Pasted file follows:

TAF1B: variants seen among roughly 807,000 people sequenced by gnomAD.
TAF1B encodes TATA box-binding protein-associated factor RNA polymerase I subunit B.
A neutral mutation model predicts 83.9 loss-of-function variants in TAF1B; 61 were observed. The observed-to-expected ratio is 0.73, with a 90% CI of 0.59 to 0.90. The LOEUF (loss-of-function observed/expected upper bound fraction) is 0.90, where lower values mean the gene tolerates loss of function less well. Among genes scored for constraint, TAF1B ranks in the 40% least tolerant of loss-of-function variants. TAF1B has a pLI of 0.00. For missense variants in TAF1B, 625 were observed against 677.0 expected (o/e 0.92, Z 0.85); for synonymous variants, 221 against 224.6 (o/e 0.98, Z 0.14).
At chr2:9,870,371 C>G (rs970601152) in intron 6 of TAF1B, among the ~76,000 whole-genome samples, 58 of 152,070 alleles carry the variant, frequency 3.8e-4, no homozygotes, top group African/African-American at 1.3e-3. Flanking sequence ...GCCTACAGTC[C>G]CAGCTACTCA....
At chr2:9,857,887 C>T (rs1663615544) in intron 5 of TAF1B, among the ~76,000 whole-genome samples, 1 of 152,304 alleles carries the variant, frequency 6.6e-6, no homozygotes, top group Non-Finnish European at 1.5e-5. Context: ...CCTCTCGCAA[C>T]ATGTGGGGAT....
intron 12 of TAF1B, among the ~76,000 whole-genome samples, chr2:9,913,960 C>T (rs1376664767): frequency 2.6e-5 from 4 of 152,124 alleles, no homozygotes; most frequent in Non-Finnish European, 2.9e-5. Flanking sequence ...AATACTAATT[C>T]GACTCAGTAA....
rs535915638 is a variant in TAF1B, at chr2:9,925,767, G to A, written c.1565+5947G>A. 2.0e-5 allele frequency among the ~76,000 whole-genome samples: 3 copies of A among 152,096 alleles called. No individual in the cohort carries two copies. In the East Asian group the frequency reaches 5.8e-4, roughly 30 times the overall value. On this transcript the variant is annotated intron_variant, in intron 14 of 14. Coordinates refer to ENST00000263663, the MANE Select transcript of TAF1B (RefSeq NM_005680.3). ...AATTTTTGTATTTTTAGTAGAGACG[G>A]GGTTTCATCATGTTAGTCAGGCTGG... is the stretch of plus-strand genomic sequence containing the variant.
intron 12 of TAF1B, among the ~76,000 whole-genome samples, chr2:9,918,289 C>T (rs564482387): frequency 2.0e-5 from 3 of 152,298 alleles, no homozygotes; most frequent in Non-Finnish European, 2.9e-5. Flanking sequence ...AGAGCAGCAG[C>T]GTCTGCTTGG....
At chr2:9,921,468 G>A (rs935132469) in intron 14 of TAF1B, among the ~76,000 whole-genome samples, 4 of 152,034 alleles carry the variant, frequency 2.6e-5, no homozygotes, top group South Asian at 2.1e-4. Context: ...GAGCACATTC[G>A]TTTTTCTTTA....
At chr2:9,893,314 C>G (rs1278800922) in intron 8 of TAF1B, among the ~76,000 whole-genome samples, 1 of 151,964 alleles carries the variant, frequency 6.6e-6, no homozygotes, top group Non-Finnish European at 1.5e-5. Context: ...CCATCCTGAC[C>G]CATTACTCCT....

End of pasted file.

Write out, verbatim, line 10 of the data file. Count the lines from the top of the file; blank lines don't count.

At chr2:9,893,314 C>G (rs1278800922) in intron 8 of TAF1B, among the ~76,000 whole-genome samples, 1 of 151,964 alleles carries the variant, frequency 6.6e-6, no homozygotes, top group Non-Finnish European at 1.5e-5. Context: ...CCATCCTGAC[C>G]CATTACTCCT....